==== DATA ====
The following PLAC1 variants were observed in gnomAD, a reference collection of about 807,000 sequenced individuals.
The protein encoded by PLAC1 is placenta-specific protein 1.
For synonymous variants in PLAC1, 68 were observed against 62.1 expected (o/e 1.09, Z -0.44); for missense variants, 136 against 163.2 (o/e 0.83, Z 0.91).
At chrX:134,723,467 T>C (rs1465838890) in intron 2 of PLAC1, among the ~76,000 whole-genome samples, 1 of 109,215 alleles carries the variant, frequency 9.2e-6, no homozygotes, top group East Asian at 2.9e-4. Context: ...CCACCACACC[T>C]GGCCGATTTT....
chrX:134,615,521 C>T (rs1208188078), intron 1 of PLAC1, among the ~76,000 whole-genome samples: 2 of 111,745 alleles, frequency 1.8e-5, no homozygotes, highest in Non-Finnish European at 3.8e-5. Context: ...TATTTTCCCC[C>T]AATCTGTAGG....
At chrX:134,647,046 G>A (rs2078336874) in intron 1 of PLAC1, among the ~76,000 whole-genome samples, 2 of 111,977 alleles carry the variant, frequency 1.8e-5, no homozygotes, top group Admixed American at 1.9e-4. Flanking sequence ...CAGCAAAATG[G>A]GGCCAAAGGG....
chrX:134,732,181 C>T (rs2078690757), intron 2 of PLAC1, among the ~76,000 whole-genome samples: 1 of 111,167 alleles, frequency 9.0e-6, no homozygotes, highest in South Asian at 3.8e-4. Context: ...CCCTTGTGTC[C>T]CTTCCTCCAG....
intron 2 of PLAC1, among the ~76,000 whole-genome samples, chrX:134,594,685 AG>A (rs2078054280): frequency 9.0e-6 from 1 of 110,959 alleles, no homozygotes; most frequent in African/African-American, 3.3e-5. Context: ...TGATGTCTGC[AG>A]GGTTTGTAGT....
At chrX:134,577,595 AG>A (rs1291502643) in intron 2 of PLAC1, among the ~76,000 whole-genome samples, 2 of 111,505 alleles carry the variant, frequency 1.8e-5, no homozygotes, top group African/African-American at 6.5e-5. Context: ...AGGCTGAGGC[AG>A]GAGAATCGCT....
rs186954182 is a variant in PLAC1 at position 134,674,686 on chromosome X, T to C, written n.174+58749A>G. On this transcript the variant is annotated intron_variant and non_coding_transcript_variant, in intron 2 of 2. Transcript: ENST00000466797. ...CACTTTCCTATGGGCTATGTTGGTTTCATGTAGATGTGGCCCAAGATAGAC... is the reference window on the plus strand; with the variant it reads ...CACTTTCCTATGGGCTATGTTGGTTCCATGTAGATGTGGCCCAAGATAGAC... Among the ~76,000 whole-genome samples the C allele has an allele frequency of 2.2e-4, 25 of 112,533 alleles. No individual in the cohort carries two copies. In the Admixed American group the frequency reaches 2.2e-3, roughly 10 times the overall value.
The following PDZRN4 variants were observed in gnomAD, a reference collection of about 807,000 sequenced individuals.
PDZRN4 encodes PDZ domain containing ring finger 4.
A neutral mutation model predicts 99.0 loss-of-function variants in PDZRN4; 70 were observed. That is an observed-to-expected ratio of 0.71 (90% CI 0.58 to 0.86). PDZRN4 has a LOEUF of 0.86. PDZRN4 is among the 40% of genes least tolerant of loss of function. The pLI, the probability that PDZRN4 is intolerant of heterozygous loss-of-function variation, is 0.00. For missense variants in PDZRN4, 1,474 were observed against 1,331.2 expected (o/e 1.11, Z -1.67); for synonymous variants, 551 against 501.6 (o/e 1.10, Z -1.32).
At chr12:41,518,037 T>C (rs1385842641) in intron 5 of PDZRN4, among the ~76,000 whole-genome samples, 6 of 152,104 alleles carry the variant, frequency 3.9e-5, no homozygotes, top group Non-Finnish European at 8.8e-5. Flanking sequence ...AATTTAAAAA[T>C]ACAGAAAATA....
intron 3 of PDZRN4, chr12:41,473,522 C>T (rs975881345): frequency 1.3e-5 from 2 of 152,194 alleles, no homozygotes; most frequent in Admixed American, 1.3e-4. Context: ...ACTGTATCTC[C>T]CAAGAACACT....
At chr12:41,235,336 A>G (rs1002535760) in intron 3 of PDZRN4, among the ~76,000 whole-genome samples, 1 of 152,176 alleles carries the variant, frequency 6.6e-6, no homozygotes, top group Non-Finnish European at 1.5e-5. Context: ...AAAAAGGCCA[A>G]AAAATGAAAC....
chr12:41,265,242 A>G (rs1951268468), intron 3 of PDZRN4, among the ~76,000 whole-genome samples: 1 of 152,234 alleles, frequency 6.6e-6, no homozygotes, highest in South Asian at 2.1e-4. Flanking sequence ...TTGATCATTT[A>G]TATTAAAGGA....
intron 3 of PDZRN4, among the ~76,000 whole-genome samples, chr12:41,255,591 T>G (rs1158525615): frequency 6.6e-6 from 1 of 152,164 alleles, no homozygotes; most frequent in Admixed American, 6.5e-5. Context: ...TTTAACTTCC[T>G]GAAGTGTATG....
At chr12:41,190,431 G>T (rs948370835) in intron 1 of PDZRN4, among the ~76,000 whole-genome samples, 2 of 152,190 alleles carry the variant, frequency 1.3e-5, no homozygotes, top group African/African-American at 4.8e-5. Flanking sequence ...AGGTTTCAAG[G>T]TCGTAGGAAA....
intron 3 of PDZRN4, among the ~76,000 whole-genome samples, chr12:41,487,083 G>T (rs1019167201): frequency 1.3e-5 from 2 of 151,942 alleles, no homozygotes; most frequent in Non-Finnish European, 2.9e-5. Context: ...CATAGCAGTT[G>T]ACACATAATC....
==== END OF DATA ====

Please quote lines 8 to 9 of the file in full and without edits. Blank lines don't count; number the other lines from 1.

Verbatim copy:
intron 2 of PLAC1, among the ~76,000 whole-genome samples, chrX:134,594,685 AG>A (rs2078054280): frequency 9.0e-6 from 1 of 110,959 alleles, no homozygotes; most frequent in African/African-American, 3.3e-5. Context: ...TGATGTCTGC[AG>A]GGTTTGTAGT....
At chrX:134,577,595 AG>A (rs1291502643) in intron 2 of PLAC1, among the ~76,000 whole-genome samples, 2 of 111,505 alleles carry the variant, frequency 1.8e-5, no homozygotes, top group African/African-American at 6.5e-5. Context: ...AGGCTGAGGC[AG>A]GAGAATCGCT....